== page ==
GETTYSBURG.

Colonel Dodge's lecture was most entertaining and called out the largest audience ever seen in Sever 11. He often received applause for his witty sallies and gave in the middle of his description of the battle a short extract from his own diary which gave additional life and interest to the discourse. As is now generally admitted Gettysburg was the turning point of the war. The Southern troops, before almost never defeated and always confident of success, after it fighting only because they knew not how to submit.

After the victory at Chancellorsville, Lee determined on further action. Leaving Fredericksburg he marched north behind the mountains and presently found himself in Pennsylvania. Hooker, when he learned of this move, wanted to crush the rear of Lee, and then march on Richmond thus preventing this Northern raid, but he was commanded from Washington to keep between that city and the enemy. He accordingly moved north with the mountains between the enemy and the army of the Potomac. Balked in his plans he resigned and Meade was made the commander. Seeing Meade somewhat in his rear Lee moved back a little, and on June 30th, 1863, the armies lay almost opposite each other, each a few miles from Gettysburg which was between them.

On the following day the Federal cavalry and Reynold's corps, having moved forward somewhat, passed through the town and encountered some of the advancing enemy. As the Confederates were gradually concentrating on the town they drove this and an additional corps through Gettysburg, and at night the Federal troops occupied a strong position called Cemetery Ridge, south of the town. Shaped like a fish hook, this ridge was ended by two knolls, Culps on the right and Round Top on the left. The rest of the army was hurried up during the night and at dawn was stretched from Culps almost to Round Top.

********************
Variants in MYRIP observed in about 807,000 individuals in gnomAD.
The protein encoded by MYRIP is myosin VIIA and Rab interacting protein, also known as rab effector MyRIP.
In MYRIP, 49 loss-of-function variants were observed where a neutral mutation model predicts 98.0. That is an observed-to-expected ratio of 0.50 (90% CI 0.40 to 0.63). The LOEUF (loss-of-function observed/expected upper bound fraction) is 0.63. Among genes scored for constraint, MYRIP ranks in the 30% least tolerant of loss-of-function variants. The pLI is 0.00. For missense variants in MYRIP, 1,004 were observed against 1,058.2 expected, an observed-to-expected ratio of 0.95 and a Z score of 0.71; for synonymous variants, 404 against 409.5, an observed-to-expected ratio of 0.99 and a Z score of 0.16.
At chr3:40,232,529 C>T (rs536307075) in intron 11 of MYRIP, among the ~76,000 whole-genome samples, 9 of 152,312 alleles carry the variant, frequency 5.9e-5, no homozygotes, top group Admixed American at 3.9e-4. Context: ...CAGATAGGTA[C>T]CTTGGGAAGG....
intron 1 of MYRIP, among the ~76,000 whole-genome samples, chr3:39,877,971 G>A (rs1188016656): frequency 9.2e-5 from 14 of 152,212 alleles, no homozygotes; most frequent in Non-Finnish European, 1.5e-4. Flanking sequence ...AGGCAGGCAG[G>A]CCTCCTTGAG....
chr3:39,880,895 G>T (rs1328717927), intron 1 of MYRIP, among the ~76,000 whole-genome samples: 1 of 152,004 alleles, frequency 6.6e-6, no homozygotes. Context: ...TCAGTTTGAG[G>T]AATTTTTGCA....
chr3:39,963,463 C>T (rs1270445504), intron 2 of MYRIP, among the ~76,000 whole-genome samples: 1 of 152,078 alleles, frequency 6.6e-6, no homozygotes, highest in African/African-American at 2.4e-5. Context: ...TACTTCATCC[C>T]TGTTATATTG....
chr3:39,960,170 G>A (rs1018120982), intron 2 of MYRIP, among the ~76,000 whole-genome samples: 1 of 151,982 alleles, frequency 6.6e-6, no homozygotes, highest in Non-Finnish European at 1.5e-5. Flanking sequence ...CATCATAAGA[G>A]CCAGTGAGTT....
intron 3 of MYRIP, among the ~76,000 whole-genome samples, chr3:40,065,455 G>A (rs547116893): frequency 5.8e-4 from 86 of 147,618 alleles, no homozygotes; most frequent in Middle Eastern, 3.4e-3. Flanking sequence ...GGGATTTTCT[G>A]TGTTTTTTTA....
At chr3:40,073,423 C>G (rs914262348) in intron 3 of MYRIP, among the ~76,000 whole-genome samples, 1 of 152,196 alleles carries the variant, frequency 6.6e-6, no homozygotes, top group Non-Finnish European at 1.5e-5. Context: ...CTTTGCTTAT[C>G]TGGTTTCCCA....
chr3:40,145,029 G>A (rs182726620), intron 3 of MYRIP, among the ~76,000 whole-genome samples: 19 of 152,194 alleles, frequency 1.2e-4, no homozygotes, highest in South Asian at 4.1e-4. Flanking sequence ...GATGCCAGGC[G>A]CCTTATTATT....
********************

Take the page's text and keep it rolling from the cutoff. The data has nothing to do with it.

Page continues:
Lee's army had now taken position in a wide semi-circle outside of this ridge, stationed largely on a parallel ridge called Seminary Ridge. His army was impatient, and Lee determined to attack. Longstreet drove in an advanced angle of the Federal line near Round Top, and almost gained that important hillock. On the other end of the line Ewell and Johnson made an attack near Culps, and at evening the latter general was on that eminence. A portion of the Federal line near the centre had also been broken through for a time. This condition of affairs much encouraged the Confederates; but they had not won yet. During the second night the Federal forces were strengthened in the weak places, and a plan was made to drive Johnson from his advantageous position at Culps.

Day dawned, and the armies for the third time faced each other at close quarters. After a hard struggle Johnson was driven back and the right of the line restored. But the afternoon was to see the great work of the day, the final attempt of Lee to break Meade's army. The place selected for an attack was the centre of the line. After a fire of artillery, to demoralize the Federal troops, the Confederates advanced. 14,000 men, led by Pickett, Wilcox and Pettigrew, rushed forward. They got separated, and not supporting each other, all were captured or compelled to retreat. This last attack had failed, and the battle was ended. Lee, after he began to retreat, was not followed up closely enough by Meade, and escaped again into Virginia.